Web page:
Allard K. Lowenstein was a relentless opponent of injustice in the United States and throughout the world. His passionate leadership played a crucial role in the civil rights, anti-apartheid, anti-war, and human rights movements of the 1960s and 1970s.
Allard Lowenstein was born on January 16, 1929. As an undergraduate at the University of North Carolina, he was president of the National Students Association. After graduating from Yale Law School in 1954, he served two years in the U.S. Army and then went on to teach at Stanford University, North Carolina State University, and the City College of New York.
Lowenstein worked with Eleanor Roosevelt in 1957 at the American Association for the United Nations and in 1959 became foreign policy assistant to Senator Hubert H. Humphrey. He was a delegate to the Democratic National Conventions in 1960, 1964, and 1968. He was a Democratic representative to the U.S. Congress from New York from 1969 until 1971, when he became chairman of Americans for Democratic Action.
In 1977, Lowenstein was appointed head of the U.S. delegation to the 33rd annual session of the U.N. Commission on Human Rights. From August 1977 to June 1978, he was the alternate U.S. Representative for Special Political Affairs to the United Nations, with the rank of Ambassador.
Lowenstein’s unwavering dedication to fighting racism began with his opposition to the apartheid regime in South Africa. He went to South Africa several times and, in 1962, wrote Brutal Mandate, which made him one of the first Americans to publicly and forcefully protest apartheid. In 1963 and 1964, Lowenstein mobilized white college students at Yale and Stanford to volunteer for the “Freedom Summer” in Mississippi where they joined African Americans fighting for the right to vote.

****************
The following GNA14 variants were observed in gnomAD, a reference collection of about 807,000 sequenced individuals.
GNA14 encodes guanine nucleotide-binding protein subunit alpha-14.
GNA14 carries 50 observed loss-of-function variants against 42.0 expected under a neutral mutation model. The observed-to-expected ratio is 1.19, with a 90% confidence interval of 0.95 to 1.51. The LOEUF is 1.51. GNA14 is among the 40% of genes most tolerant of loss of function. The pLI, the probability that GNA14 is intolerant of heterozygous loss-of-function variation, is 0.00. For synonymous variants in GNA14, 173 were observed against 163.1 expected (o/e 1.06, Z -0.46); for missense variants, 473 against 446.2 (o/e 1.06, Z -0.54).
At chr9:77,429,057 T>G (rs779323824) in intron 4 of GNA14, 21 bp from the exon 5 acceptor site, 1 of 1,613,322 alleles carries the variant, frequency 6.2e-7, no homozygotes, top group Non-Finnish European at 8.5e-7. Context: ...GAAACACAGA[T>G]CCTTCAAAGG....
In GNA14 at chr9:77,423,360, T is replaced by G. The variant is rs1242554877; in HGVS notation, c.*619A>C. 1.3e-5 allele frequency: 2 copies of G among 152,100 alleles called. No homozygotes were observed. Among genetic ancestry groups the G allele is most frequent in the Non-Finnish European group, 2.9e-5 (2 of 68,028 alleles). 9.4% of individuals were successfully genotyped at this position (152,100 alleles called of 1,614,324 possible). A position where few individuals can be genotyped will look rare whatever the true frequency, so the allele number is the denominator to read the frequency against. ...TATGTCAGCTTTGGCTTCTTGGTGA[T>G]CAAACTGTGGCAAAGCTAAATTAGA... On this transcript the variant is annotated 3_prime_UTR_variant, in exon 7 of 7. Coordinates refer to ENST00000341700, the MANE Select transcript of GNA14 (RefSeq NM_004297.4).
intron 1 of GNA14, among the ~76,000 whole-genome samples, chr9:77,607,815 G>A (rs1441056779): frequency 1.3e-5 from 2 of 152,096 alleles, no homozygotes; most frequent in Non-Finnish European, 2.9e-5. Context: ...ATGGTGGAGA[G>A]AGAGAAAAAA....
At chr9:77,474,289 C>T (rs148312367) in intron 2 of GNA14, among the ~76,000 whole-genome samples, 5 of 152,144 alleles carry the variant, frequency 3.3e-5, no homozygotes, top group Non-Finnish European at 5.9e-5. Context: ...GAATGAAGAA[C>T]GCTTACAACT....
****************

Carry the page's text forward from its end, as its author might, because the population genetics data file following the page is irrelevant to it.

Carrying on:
Lowenstein again galvanized students in a campaign to end the Vietnam War and was a principal organizer of the movement that forced President Lyndon Johnson not to seek reelection in 1968. Thoroughly convinced that the idealistic young generation could revitalize the Democratic Party and bring about progressive reform in the United States, Lowenstein became known for his ability to inspire young people to commit themselves to lives of activism and the pursuit of justice. “It is beyond dispute,” David Broder wrote, “that he brought more young people into American politics than any individual of our time.”
Allard Lowenstein was assassinated on March 14, 1980. The inscription on his headstone is from a note Robert F. Kennedy once sent him, quoting Emerson: “If a single man plants himself on his convictions and there abide, the huge world will come around to him.”
After Lowenstein’s death, a group of Yale law students established the Allard K. Lowenstein International Human Rights Project in his honor. The Allard K. Lowenstein International Human Rights Clinic grew out of the Lowenstein Project and was established in 1989.